The Lyalls of Taloyoak
Northern family name into fourth generation

by Jeff Colbourne
Northern News Services

NNSL (Dec 08/97) - It began as a little family in Fort Ross, a trading Post on the Boothia Peninsula.

Now the Lyalls are a dynasty scattered throughout the North.

Today, the 10 descendants of the first Canadian Lyalls have etched themselves into the Arctic landscape, creating jobs and contributing to a healthy future for Inuit and non-Inuit alike.

Bill Lyall, one of the eldest Lyall boys, is president of NWT Arctic Co-operative Ltd. in Cambridge Bay. He attended school in Yellowknife and later enrolled in the Alberta technology colleges.

In 1968, Bill came back to Taloyoak to visit his family. Unfortunately, he didn't have enough money to buy a return ticket to the south.

"I only had enough money to make it Cambridge Bay," he says. "Then I went broke. And I'm broke still."

In the early 1970s, Bill became involved in local and territorial politics.

He served as a member of the legislative assembly from 1975 to 1979, representing the North's largest riding, the Central Arctic which included Kugluktuk, Holman, Cambridge Bay, Gjoa Haven, Taloyoak, Pelly Bay, Bathurst Inlet and Bay Chimo.

He ran for a second term but was defeated. His brother ran against him and split the vote.

"If you want to serve your people, your community you don't have to be a MLA," Bill says now. "Your hands are tied with cabinet. We (ordinary MLAs) are from the outside looking in. We see the corruption but politicians have a good cloak. It's a legal cloak and you can't do anything about it."

Bill, 56, says he would like to take a break for a while and let his wife keep working.

They have six children who are grown. They have an adopted daughter who's seven and they're thinking about adopting a second child.

"Personally, I want to go fishing, golfing or chase young girls in Hawaii," he says. "That's what all guys my age do, isn't it?"

The youngest of the Lyall boys is Bob, who has lived in Taloyoak most of his life.

For the past nine years, Bob has been heavily involved in the Nunavut Planning Commission.

Previously, he had the honor of being the first man to run a women's shelter in Canada.

He's also been an alcohol and drug councillor and a CBC announcer-operator. He's never been interested in politics though, unlike many of his brothers.

"All my brothers are involved in Nunavut organizations, one or the other," says Bob. "It confuses the front desk at the Yellowknife Inn when we're there for meetings."

The Lyalls are what Bob calls the "exiles of the Hudson's Bay Company."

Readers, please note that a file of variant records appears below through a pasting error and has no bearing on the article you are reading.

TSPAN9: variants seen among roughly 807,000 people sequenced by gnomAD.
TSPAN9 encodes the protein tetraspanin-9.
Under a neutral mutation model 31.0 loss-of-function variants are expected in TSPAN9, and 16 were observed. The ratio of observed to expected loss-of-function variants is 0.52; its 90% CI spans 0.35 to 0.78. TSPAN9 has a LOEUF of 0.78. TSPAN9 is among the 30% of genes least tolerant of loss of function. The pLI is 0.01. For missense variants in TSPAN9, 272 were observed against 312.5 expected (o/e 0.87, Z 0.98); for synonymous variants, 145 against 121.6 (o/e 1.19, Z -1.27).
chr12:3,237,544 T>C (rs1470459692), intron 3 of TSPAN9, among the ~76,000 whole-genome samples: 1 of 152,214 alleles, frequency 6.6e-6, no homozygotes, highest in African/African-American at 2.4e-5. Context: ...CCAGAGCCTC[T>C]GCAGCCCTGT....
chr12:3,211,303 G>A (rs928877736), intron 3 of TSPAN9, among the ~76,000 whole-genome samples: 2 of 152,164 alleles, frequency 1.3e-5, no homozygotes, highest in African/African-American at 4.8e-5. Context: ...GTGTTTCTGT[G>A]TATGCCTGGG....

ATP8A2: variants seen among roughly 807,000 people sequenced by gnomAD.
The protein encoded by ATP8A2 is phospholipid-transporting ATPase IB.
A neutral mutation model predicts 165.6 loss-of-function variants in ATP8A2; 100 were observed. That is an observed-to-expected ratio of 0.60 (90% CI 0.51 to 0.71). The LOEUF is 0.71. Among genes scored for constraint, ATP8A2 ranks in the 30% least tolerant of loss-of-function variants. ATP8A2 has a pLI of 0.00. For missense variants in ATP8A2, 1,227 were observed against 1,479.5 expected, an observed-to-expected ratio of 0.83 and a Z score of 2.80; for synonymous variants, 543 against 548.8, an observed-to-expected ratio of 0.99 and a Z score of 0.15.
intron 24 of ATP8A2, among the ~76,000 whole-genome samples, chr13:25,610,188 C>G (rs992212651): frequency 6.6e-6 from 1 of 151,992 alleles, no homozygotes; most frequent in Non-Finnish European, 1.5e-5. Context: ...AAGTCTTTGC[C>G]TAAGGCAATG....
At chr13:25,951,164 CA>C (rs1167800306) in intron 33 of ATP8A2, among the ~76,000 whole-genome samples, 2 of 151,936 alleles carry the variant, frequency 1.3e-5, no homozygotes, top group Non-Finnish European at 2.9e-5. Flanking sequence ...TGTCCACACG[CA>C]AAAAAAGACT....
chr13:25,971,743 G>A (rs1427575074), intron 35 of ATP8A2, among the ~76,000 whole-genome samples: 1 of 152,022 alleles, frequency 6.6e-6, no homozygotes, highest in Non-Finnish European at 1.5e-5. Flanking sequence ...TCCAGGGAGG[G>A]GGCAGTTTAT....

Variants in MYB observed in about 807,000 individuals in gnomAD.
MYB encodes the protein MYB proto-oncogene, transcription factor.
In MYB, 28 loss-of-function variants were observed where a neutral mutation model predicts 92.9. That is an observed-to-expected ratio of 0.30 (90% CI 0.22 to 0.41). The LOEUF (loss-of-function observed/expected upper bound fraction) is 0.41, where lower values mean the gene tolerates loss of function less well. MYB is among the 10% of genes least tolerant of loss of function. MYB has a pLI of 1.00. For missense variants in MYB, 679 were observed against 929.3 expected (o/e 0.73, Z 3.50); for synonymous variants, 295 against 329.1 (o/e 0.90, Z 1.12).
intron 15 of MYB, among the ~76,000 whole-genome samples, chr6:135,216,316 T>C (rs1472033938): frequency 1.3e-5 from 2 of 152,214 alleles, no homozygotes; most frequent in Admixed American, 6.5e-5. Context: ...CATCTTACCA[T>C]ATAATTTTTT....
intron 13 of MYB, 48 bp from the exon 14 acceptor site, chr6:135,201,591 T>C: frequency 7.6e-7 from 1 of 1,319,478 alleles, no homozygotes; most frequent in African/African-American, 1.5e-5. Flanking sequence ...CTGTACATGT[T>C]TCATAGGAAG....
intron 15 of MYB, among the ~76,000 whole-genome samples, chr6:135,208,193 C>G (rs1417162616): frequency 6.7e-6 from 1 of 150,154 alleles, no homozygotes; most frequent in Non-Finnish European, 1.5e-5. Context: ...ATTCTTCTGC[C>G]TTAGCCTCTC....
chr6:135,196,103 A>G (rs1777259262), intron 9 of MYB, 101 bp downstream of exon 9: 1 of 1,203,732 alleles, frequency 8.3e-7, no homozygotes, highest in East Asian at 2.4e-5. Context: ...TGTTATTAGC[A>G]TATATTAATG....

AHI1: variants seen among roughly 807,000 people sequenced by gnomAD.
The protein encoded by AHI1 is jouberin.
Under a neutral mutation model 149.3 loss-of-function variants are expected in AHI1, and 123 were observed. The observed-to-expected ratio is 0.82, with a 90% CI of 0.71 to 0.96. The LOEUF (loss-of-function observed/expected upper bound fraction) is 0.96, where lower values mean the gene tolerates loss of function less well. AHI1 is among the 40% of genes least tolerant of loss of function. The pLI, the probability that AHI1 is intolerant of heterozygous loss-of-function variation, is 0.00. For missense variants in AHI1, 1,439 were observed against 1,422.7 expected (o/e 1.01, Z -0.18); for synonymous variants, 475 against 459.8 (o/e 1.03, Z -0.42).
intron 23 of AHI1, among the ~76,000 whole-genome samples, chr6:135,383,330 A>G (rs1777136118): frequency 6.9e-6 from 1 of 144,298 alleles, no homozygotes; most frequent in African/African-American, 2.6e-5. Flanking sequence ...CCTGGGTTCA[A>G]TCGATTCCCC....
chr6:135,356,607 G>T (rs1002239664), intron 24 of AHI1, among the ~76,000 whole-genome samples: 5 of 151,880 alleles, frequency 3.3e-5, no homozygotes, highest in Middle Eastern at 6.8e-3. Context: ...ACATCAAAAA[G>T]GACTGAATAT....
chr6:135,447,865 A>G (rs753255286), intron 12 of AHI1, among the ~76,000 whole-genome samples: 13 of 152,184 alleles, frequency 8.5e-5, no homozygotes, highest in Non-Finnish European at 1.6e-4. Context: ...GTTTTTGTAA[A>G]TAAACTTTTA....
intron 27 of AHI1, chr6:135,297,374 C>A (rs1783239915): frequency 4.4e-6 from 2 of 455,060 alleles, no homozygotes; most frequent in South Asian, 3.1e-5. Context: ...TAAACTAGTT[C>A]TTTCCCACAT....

Their father, Ernie Lyall, a Labradorian who passed away 11 years ago, had moved to an island in Lancaster Sound with Hudson's Bay.

There, he met his wife, Nipisha, of Cape Dorset.

They both migrated to Fort Ross, where he set up a post.

In 1949 the Lyall family moved with the Company to Taloyoak, where many of the Lyalls were born, grew up and settled.

Not only did Bob make Taloyoak his home, Pat settled there.

In recent years Pat has become head of Nunasi Corp., a member of the Inuit Broadcasting Corporation and the Kitikmeot Inuit Association.

Pat also runs an outfitting company called Boothia Tours.

Then there is Charlie Lyall, over in Taloyoak. He is president of the Kitikmeot Corp. Brother Dennis is Mayor of Taloyoak.

Betty Lyall-Brewster also lives in the tiny Kitikmeot community. She is an interpreter-translator.

Across the region in Cambridge Bay there's Bella Wilcox, another sister. She is a cook at Cambridge Bay's Co-op Hotel.

And don't forget Kathy Lyall-Meyer, a long-time Yellowknife resident. She moved to Yellowknife in 1976 to attend school at Sir John Franklin.

After completing her studies, Kathy went back to Taloyoak but returned to Yellowknife in 1985 to be with her husband, Dean Meyer. She's now a partner in Back Bay Welding, a Yellowknife company.

"I try to keep in touch with my family," says Kathy. "I see someone almost every other week."

The last time the whole family was together was at their father's funeral. These days there are occasions when five or six of the brothers and sisters get together.

Kathy remembers fun times the family shared in Taloyoak, especially around Christmas.

"My dad used to go out of his way to get us real Christmas trees," says Kathy. "My mother would make new mitts, kamiks and parkas."

Like all families, Kathy says they had their ups and downs, but a sense of humor kept them close.

Of all the brothers and sisters, Kathy says -- hoping not to instigate a family feud -- it was the two younger brothers that kept spirits up from time to time.

"I'd like to think that Bill and Dennis gave a lot of moral support," she says.

The only Lyall who didn't stay in the North is Sylvia Ritchie, who resides in Drayton Valley, Alta.

Nipisha Lyall, the mother, recently moved there to be with her daughter over the winter.